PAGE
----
A guide to Higgs boson and everything
Scientists at the Cern research centre in Switzerland today unveiled findings that point to the existence of the Higgs boson, a subatomic particle key to the formation of stars, planets and eventually life after the Big Bang 13.7 billion years ago. Below is a guide to the main concepts and technology.
What is the Higgs Boson?
The Higgs is the last missing piece of the Standard Model, the theory that describes the basic building blocks of the universe. The other 11 particles predicted by the model have been found and finding the Higgs would validate the model.
Ruling it out or finding something more exotic would force a rethink on how the universe is put together.Scientists believe that in the first billionth of a second after the Big Bang, the universe was a gigantic soup of particles racing around at the speed of light without any mass to speak of.
It was through their interaction with the Higgs field that they gained mass and eventually formed the universe.The Higgs field is a theoretical and invisible energy field that pervades the whole cosmos. Some particles, like the photons that make up light, are not affected by it and therefore have no mass. Others find it drags on them as porridge drags on a spoon.
Picture George Clooney (the particle) walking down a street with a gaggle of photographers (the Higgs field) clustered around him. An average guy on the same street (a photon) gets no attention from the paparazzi and gets on with his day. The Higgs particle is the signature of the field - an eyelash of one of the photographers.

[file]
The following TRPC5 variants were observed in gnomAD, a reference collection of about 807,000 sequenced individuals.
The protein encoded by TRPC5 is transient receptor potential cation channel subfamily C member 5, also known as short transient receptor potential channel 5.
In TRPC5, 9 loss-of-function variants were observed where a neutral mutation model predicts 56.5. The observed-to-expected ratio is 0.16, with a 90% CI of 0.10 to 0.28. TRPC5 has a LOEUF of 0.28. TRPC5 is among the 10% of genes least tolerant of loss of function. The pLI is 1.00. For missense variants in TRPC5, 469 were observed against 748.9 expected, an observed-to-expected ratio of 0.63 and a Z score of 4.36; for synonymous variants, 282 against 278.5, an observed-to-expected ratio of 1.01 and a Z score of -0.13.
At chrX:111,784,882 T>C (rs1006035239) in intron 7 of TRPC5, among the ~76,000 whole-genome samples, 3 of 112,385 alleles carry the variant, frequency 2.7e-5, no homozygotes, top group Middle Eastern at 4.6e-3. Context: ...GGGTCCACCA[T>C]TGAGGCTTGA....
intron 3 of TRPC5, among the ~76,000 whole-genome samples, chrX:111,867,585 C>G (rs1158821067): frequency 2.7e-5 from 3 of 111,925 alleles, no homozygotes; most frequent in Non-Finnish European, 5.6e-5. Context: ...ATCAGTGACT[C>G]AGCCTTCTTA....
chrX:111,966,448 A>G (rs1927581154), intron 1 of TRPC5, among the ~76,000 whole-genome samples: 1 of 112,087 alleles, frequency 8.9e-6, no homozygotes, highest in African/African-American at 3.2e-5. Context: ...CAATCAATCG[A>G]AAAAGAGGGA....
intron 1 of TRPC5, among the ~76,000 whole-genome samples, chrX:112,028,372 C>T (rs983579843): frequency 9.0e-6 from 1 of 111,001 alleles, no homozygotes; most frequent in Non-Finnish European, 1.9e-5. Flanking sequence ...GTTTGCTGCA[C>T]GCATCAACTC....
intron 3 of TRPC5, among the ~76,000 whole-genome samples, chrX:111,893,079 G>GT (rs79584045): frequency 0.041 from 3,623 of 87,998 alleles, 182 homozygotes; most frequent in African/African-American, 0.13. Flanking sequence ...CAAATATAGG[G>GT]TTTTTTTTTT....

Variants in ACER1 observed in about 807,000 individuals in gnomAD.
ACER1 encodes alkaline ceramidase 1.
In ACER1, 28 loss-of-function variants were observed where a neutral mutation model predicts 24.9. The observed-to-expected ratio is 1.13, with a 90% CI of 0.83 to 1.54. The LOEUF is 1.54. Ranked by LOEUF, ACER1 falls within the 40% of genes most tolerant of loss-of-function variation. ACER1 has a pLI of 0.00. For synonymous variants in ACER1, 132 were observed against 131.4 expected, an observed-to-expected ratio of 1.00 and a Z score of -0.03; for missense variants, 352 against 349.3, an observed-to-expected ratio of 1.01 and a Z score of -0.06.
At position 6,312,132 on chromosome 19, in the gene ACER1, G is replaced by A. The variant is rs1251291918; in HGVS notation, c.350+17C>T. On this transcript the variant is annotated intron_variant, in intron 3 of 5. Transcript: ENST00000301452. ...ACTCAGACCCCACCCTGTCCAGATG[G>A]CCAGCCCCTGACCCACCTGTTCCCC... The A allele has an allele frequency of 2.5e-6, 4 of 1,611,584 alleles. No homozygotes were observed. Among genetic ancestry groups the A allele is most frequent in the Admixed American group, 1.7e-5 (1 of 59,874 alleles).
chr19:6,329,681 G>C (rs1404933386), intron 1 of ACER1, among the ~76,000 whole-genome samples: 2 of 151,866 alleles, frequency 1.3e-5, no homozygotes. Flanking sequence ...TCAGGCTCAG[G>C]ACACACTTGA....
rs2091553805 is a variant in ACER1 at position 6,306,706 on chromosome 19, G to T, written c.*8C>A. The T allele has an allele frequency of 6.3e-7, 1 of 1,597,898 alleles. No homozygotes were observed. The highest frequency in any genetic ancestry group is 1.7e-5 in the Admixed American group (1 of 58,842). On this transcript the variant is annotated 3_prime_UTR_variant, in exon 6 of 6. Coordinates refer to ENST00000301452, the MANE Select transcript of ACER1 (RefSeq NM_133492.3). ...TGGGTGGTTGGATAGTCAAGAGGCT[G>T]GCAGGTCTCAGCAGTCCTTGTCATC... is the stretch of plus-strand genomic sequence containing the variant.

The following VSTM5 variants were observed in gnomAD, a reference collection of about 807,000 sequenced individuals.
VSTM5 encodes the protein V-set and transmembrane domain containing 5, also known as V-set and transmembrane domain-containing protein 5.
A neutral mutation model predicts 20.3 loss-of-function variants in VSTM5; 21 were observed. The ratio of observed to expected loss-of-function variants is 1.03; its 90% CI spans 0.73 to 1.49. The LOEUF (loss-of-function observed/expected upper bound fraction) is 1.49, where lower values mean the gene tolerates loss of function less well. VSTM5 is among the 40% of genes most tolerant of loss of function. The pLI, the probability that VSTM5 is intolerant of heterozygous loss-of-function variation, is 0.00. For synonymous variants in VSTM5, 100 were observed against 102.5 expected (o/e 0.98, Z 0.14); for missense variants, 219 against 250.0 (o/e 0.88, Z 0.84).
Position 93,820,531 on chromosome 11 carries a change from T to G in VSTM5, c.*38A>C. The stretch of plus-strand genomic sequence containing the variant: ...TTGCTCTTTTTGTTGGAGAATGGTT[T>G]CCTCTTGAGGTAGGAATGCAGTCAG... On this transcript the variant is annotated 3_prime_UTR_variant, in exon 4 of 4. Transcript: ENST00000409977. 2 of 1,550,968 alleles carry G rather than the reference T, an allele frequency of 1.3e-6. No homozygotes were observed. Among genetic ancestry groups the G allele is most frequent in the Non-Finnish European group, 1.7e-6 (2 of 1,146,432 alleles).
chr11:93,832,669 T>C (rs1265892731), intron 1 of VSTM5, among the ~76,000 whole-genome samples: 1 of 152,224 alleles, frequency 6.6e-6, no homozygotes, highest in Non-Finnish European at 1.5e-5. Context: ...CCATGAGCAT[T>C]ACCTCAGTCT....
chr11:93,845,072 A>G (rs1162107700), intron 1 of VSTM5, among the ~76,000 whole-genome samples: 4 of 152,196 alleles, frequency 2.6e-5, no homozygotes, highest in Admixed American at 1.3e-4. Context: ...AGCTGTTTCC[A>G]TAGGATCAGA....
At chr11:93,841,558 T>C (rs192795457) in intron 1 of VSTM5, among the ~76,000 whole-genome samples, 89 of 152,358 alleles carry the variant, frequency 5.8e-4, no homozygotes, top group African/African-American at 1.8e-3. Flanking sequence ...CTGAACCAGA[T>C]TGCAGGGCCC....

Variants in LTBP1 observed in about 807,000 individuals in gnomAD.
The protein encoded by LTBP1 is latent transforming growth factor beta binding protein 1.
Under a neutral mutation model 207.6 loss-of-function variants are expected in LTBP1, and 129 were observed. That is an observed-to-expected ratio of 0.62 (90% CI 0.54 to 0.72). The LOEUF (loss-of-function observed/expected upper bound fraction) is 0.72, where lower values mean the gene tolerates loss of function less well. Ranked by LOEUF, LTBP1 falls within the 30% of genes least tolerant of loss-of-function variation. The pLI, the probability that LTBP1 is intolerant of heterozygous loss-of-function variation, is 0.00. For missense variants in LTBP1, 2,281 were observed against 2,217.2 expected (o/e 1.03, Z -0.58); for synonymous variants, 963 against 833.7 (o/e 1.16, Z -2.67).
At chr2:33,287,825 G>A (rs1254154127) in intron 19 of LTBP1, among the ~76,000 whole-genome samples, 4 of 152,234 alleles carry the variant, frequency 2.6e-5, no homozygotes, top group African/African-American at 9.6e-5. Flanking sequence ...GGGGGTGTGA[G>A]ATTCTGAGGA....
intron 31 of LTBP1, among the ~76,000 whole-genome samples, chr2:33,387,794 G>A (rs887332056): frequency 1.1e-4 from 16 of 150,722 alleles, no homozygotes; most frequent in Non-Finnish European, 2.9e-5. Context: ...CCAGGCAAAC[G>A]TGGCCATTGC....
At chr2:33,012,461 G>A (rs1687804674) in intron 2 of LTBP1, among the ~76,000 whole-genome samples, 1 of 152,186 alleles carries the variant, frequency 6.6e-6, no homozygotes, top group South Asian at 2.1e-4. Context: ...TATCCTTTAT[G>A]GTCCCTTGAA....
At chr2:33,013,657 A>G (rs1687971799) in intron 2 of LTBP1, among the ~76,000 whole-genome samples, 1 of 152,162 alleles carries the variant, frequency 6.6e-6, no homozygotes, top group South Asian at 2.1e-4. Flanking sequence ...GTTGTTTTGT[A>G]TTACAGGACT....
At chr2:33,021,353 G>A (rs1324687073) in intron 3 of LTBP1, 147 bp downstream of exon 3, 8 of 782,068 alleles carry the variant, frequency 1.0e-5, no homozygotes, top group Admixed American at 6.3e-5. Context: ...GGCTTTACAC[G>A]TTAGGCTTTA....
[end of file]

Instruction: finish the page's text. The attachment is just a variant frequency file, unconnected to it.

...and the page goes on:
The particle is theoretical, first posited in 1964 by six physicists, including Briton Peter Higgs.The search for it only began in earnest in the 1980s, first
in Fermilab's now mothballed Tevatron particle collider near Chicago and later in a similar machine at Cern, but most intensively since 2010 with the start-up of the European centre's Large Hadron Collider.
What is the Standard Model?
The Standard Model is to physics what the theory of evolution is to biology. It is the best explanation physicists have of how the building blocks of the universe are put together. It describes 12 fundamental particles, governed by four basic forces.
But the universe is a big place and the Standard Model only explains a small part of it. Scientists have spotted a gap between what we can see and what must be out there. That gap must be filled by something we don't fully understand, which they have dubbed "dark matter".
Galaxies are also hurtling away from each other faster than the forces we know about suggest they should. This gap is filled by "dark energy". This poorly understood pair are believed to make up a whopping 96 per cent of the mass and energy of the cosmos.